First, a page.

3. Would you have voted Yes for the Boone County Council to send the August 31, 2011, letter to the Boone County department heads and elected officials requiring them to cut an additional 5% from their 2012 general fund budget because of revenue shortfalls? BACKGROUND: The Boone County Council voted 4-2 to send the following August 31, 2011, letter (indicated in ITALICS):

Boone County Department Heads and Elected Officials,

First and foremost, let us express our gratitude for your efforts in confronting our county’s serious financial situation. The thoughtfulness and professionalism displayed throughout last week’s budget hearings, despite the stressful and sometimes arduous process, were a credit to your offices and to our community as a whole. The council applauds your efforts and appreciates all the work you and your staffs have done to plan for the upcoming year.

Unfortunately, the county faces such a dramatic decline in revenue that the cuts made last week are still insufficient to balance our budget. County revenue has fallen more than $4.7 Million over the past two years. Through your efforts and those of your staff to find efficiencies, to make do with less and to identify alternative sources for funding outside the county’s general fund, by week’s end over $2.2 Million had been trimmed from the submitted budget requests. But this still leaves the total of requested expenses more than $2.5 Million over the county’s anticipated income.

To help close this gap, the Council voted Friday to require that each department review its budget and cut an additional five percent (5%) from the general fund budget reviewed by the Council. Because the projections for county revenue in the coming years show a continuing decline, you should not anticipate these funding cuts being restored next year but rather consider them as permanent reductions in funding. The Council recognizes, regretfully, that in many departments these cuts can only be achieved by reducing expenditures on personnel. While we have worked to protect our employees as this budget crisis has approached, the grim fiscal reality may mean that the county workforce will have to be trimmed. The Council also recognizes that achieving this further five percent will be extremely difficult, particularly for some smaller departments, and such extreme cases will be reviewed as necessary.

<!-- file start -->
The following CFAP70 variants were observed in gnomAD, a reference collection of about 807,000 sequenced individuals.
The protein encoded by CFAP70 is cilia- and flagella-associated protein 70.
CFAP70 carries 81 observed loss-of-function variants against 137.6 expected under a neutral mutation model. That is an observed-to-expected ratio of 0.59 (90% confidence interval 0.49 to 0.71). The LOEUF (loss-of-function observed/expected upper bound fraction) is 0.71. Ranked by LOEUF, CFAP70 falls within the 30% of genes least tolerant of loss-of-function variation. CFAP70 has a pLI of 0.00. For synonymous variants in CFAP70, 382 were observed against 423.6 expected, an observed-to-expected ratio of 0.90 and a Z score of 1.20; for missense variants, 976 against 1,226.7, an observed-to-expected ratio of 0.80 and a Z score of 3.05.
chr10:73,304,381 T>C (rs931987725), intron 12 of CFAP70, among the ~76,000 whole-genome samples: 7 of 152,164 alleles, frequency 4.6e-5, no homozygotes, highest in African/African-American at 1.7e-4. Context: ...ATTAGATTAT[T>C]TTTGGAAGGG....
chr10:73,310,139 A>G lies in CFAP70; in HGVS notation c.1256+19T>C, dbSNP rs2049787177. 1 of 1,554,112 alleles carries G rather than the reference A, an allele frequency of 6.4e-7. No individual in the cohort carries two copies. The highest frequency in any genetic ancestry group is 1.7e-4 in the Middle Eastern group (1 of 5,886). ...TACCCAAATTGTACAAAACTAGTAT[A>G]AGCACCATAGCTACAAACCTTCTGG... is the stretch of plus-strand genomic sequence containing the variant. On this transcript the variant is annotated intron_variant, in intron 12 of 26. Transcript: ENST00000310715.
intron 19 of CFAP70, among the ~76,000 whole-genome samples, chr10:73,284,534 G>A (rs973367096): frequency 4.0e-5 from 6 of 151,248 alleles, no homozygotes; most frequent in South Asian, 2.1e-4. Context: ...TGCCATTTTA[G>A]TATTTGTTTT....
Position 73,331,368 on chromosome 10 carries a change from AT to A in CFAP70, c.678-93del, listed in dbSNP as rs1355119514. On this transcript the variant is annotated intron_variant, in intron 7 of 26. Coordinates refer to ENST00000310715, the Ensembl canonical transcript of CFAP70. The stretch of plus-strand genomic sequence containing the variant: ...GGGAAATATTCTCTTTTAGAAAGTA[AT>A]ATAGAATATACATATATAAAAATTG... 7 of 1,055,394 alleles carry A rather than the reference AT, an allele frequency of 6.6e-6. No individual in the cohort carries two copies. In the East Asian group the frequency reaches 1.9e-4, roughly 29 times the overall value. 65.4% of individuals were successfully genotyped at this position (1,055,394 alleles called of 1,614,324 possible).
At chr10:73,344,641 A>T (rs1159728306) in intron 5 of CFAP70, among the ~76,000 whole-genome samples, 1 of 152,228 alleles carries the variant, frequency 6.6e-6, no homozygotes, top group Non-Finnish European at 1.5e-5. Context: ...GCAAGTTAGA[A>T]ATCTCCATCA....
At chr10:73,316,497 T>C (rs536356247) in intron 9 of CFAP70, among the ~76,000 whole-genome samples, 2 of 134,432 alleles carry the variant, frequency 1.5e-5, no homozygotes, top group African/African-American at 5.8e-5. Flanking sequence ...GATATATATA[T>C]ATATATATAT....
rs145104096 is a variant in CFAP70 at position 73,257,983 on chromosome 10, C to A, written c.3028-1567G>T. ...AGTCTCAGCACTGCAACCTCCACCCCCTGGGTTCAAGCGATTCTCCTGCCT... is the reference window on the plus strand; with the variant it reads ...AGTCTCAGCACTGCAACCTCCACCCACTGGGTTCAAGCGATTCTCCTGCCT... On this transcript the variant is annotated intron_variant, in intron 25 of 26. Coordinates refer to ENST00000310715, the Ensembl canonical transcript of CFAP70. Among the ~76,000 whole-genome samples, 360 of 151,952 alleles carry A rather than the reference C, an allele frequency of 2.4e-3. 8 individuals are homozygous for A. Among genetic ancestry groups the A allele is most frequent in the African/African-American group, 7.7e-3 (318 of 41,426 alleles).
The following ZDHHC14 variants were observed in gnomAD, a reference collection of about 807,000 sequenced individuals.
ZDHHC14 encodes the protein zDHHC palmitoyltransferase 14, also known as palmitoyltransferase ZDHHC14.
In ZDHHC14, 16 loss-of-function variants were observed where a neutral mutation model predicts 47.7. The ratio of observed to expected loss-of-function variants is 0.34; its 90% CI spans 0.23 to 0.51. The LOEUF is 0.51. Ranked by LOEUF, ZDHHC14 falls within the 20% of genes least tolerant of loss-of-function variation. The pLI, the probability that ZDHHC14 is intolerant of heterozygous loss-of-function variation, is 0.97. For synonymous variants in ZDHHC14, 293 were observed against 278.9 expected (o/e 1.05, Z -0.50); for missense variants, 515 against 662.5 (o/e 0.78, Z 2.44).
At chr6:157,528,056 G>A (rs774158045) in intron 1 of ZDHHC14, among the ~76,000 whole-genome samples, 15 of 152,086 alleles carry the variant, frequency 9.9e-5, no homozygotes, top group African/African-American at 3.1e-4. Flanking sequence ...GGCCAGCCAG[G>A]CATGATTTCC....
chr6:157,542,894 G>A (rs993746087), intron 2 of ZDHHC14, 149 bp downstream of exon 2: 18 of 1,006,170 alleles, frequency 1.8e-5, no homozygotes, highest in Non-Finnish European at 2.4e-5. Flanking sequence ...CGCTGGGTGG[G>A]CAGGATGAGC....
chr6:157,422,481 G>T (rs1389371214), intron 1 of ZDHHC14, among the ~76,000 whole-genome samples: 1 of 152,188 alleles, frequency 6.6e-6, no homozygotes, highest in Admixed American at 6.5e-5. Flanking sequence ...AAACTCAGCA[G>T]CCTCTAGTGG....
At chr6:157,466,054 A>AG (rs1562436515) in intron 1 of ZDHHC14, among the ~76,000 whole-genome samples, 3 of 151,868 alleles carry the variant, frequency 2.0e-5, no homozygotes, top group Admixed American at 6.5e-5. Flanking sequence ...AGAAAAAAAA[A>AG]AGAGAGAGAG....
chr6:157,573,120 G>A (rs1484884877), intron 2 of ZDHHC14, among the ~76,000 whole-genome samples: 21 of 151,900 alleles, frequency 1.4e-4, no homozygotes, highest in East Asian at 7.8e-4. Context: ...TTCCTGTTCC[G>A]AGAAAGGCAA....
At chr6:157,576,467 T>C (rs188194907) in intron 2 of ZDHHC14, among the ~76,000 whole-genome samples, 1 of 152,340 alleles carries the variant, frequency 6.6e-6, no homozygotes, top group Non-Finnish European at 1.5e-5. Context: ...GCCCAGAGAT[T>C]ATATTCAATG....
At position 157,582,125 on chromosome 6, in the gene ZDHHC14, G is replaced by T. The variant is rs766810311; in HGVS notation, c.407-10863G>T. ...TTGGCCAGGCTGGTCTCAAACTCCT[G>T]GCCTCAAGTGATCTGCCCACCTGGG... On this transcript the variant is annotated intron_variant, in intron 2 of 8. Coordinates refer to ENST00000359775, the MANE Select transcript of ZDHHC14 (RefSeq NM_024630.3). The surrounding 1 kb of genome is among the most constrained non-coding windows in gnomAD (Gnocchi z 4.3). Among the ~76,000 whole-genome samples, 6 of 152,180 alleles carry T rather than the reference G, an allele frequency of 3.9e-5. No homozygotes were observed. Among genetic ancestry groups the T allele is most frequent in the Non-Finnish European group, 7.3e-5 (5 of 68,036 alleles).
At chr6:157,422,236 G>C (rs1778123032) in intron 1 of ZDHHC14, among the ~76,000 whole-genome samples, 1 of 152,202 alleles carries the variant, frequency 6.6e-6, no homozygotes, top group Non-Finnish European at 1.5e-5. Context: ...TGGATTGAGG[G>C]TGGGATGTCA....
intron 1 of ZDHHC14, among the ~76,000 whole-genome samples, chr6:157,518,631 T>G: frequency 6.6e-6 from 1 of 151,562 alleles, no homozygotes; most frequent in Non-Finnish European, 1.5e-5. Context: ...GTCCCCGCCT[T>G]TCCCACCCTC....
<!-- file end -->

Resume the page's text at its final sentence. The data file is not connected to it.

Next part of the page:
These additional cuts, painful as they will be, will still leave the county far short of a balanced budget. Last year the Council shifted roughly $1.85 Million of the general fund budget to the Rainy Day Fund to help cover the 2011 shortfall, and the Council plans to draw on the Rainy Day Fund again for 2012. However, this course cannot be sustained indefinitely, and without significant, permanent cuts or significant increases in revenue, our reserves will be exhausted in just a few years. For longer-term planning purposes, further reductions of an additional five percent should be anticipated for 2013 and beyond.

We ask that you have your revised budgets – including these additional 5% cuts from the General Fund – submitted to the Auditor’s office by the end of business on Friday, September 9th. The Council expects to discuss the issue further at its regular meeting on September 13, and likely at the joint meeting with the County Commissioners in the first week of October. One or more additional meetings to discuss and review these measures may also be forthcoming, as we continue to work together to address this very difficult and complex predicament.

Thank you for your service,

ANSWER: David Rodgers voted Yes for the August 31, 2011, Boone County Council letter to the Boone County department heads and elected officials requiring them to cut an additional 5% from their 2012 general fund budget because of revenue shortfalls.

4. Would you have voted Yes for the August 9, 2011, Boone County Council motion stating, "If a full-time position is vacated an offer of employment to fill the position shall not be extended until approval from the County Council."? BACKGROUND: The Boone County Council failed to pass this motion by a 3-3 vote. ANSWER: David Rogers voted Yes for the August 9, 2011, Boone County Council motion requiring County Council approval for an offer of employment to fill a vacated full-time position.

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This page was last updated on 10/11/16.